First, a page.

... Another severe headwind facing the Chinese economy is the African swine fever outbreak. June’s CPI showed that food prices rose 8.3 per cent, with pork prices rising by 21.1 per cent. This was 2.9 percentage points higher than in May…
China economy feels the strain as consumer prices soar and producer prices plummet to the brink of deflation
via The Edge Markets - July 10, 2019
(July 10): China’s inflation figures revealed two separate headaches for Beijing on Wednesday, with consumer prices continuing to rise, while the prices producers charged at factory gates in June threatened to dip into deflation.
The consumer price index (CPI) stayed at 2.7 per cent, the same as in May, which was the highest reading for 15 months. This indicates that prices are continuing to rise for Chinese consumers at a time when the economy is battling serious headwinds on a number of different fronts.
Meanwhile, the producer price index (PPI), the price charged to buyers from producers at the factory gates, is teetering on the brink of deflation, reporting at 0.0 per cent in June, down from 0.6 per cent in May and below a Bloomberg poll, the median forecast of which was 0.1 per cent.
Domestic consumption has been a concern of policymakers in Beijing for some time, and the fact that prices are rising, it will add to this anxiety since it makes it more difficult for consumers to buy more.
However, the PPI number provides an additional problem, suggesting that the country’s manufacturers are unable to receive the prices they want for their goods. This was reflected in the fact that on Monday it was announced that car sales had risen for the first time since May 2018. However, it came with the caveat that dealers offered discounts of up to 50 per cent to clear inventory before the implementation of new emissions rules.
Sluggish PPI is indicative of a slowdown in China’s industrial economy.
Industrial production grew by 5.0 per cent in May from a year earlier, down from 5.4 per cent in April, to the lowest reading since 2002...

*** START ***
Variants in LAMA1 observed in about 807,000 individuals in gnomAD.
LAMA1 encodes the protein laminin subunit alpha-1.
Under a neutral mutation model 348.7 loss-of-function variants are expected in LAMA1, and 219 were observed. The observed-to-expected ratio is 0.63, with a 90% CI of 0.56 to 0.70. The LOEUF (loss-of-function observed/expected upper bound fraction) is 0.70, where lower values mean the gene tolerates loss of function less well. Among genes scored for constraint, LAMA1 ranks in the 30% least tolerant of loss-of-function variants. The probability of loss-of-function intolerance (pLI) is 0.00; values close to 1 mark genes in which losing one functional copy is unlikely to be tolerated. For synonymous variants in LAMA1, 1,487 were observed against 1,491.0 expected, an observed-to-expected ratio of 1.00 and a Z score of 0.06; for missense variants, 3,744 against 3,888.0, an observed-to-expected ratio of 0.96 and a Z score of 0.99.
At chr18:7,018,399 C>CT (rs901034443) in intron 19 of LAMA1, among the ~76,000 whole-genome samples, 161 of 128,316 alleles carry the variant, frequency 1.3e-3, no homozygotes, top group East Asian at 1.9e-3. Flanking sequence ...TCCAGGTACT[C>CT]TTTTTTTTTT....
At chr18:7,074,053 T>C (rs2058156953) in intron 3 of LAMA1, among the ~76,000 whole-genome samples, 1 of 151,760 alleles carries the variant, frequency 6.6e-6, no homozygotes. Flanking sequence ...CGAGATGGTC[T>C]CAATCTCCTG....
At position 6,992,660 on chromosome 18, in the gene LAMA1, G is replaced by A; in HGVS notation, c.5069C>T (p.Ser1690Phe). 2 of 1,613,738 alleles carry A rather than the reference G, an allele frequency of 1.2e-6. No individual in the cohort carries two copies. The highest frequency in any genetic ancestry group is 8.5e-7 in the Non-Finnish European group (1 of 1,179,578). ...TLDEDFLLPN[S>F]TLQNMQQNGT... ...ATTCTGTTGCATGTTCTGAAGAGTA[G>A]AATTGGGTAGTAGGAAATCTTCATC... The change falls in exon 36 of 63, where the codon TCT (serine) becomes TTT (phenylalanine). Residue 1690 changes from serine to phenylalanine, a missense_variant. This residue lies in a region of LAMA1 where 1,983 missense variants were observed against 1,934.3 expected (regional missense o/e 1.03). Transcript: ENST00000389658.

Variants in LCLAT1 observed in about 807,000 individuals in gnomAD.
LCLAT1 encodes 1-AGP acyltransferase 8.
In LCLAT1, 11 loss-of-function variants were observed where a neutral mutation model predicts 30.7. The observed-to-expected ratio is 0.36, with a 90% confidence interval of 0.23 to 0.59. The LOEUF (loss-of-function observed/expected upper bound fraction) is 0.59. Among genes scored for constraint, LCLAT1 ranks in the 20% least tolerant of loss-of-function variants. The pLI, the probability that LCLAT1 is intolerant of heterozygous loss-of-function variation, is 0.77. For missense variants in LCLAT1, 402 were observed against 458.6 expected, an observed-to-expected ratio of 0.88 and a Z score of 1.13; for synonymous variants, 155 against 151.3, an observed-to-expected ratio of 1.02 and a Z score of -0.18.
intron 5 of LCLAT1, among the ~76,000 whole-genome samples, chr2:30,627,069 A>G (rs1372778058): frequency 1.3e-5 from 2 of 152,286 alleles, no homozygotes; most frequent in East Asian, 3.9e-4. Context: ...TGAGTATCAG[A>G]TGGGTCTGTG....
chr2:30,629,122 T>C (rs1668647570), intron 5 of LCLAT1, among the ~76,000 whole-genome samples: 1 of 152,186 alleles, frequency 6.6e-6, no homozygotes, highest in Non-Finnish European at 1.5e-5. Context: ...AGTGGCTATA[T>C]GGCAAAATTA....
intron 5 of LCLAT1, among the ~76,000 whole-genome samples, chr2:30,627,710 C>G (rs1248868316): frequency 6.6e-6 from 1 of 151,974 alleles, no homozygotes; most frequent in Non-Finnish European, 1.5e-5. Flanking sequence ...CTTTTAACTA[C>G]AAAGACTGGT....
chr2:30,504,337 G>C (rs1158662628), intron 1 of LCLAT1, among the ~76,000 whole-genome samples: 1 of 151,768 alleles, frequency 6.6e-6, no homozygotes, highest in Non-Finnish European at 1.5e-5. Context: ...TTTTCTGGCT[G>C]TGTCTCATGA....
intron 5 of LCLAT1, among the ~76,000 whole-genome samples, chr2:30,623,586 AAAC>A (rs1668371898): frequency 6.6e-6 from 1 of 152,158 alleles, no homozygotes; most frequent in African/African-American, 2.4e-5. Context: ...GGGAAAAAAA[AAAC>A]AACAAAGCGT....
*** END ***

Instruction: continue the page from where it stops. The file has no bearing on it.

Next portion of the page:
... Another severe headwind facing the Chinese economy is the African swine fever outbreak. June’s CPI showed that food prices rose 8.3 per cent, with pork prices rising by 21.1 per cent. This was 2.9 percentage points higher than in May.
The NBS statement said that “the supply of pork is tight” and also drew attention to the price of fresh fruit which rose by 42.7 per cent, an increase of 16.0 percentage points from May.
But it is African swine fever and the rise of pork prices which will be the biggest cause for anxiety, among the basket of consumer goods used to calculate CPI, since pork is thought to be the single-largest element.
China is the world’s largest pork market, consuming around half the global total annually, meaning that a spike in pork prices affects the average consumer disproportionately.
At a press conference in Beijing last week, Xin Guochang, executive officer at the Ministry of Agriculture, said that there could be a 10 to 15 per cent drop in pork production in 2019 due to African swine fever. Others expect a much higher drop, with a report from Rabobank in April estimating that up to 200 million pigs were affected by the virus, which could cut pork production by 30 per cent.
The government has tried to maintain that the African swine fever outbreak is under control, claiming that there were only 44 new cases over the first six months of 2019, bringing the total number of reported cases so far to 143, with 1.16 million pigs culled.
However, a report by Chinese business publication Caixin on Friday claimed that local governments have been ignoring attempts to report the suspected outbreaks by pig breeders around China because they “couldn’t afford to pay the required compensation to the owners of culled pigs”.
Caixin reported that other local officials felt they would be punished for reporting cases while under pressure from the central government in Beijing to eradicate the disease...